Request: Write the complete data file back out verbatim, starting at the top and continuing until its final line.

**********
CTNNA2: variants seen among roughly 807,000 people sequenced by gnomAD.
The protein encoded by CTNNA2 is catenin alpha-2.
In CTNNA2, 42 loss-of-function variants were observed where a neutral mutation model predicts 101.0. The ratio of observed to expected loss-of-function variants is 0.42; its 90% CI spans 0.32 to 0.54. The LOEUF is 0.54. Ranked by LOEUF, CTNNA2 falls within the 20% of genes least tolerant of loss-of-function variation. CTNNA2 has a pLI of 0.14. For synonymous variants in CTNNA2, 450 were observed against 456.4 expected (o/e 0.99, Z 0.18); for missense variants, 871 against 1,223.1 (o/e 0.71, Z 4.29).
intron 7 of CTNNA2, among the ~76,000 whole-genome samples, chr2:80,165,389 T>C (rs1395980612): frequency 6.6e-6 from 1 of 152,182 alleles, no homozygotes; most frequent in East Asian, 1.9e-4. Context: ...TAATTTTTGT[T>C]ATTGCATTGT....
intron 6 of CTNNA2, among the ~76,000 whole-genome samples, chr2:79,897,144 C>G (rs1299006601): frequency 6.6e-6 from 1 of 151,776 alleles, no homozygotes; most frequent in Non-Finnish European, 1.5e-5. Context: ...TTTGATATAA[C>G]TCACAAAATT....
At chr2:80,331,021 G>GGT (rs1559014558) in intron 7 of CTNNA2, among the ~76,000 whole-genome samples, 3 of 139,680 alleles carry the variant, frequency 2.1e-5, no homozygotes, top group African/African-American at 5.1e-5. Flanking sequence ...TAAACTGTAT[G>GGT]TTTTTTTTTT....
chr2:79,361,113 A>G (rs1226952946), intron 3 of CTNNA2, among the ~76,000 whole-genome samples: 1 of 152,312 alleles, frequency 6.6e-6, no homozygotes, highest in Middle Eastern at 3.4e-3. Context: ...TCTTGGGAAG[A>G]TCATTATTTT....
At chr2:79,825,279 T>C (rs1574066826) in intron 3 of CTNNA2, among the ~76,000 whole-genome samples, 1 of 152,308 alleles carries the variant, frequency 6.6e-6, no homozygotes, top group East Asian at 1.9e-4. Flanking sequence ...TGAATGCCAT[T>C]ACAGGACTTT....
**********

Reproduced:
CTNNA2: variants seen among roughly 807,000 people sequenced by gnomAD.
The protein encoded by CTNNA2 is catenin alpha-2.
In CTNNA2, 42 loss-of-function variants were observed where a neutral mutation model predicts 101.0. The ratio of observed to expected loss-of-function variants is 0.42; its 90% CI spans 0.32 to 0.54. The LOEUF is 0.54. Ranked by LOEUF, CTNNA2 falls within the 20% of genes least tolerant of loss-of-function variation. CTNNA2 has a pLI of 0.14. For synonymous variants in CTNNA2, 450 were observed against 456.4 expected (o/e 0.99, Z 0.18); for missense variants, 871 against 1,223.1 (o/e 0.71, Z 4.29).
intron 7 of CTNNA2, among the ~76,000 whole-genome samples, chr2:80,165,389 T>C (rs1395980612): frequency 6.6e-6 from 1 of 152,182 alleles, no homozygotes; most frequent in East Asian, 1.9e-4. Context: ...TAATTTTTGT[T>C]ATTGCATTGT....
intron 6 of CTNNA2, among the ~76,000 whole-genome samples, chr2:79,897,144 C>G (rs1299006601): frequency 6.6e-6 from 1 of 151,776 alleles, no homozygotes; most frequent in Non-Finnish European, 1.5e-5. Context: ...TTTGATATAA[C>G]TCACAAAATT....
At chr2:80,331,021 G>GGT (rs1559014558) in intron 7 of CTNNA2, among the ~76,000 whole-genome samples, 3 of 139,680 alleles carry the variant, frequency 2.1e-5, no homozygotes, top group African/African-American at 5.1e-5. Flanking sequence ...TAAACTGTAT[G>GGT]TTTTTTTTTT....
chr2:79,361,113 A>G (rs1226952946), intron 3 of CTNNA2, among the ~76,000 whole-genome samples: 1 of 152,312 alleles, frequency 6.6e-6, no homozygotes, highest in Middle Eastern at 3.4e-3. Context: ...TCTTGGGAAG[A>G]TCATTATTTT....
At chr2:79,825,279 T>C (rs1574066826) in intron 3 of CTNNA2, among the ~76,000 whole-genome samples, 1 of 152,308 alleles carries the variant, frequency 6.6e-6, no homozygotes, top group East Asian at 1.9e-4. Flanking sequence ...TGAATGCCAT[T>C]ACAGGACTTT....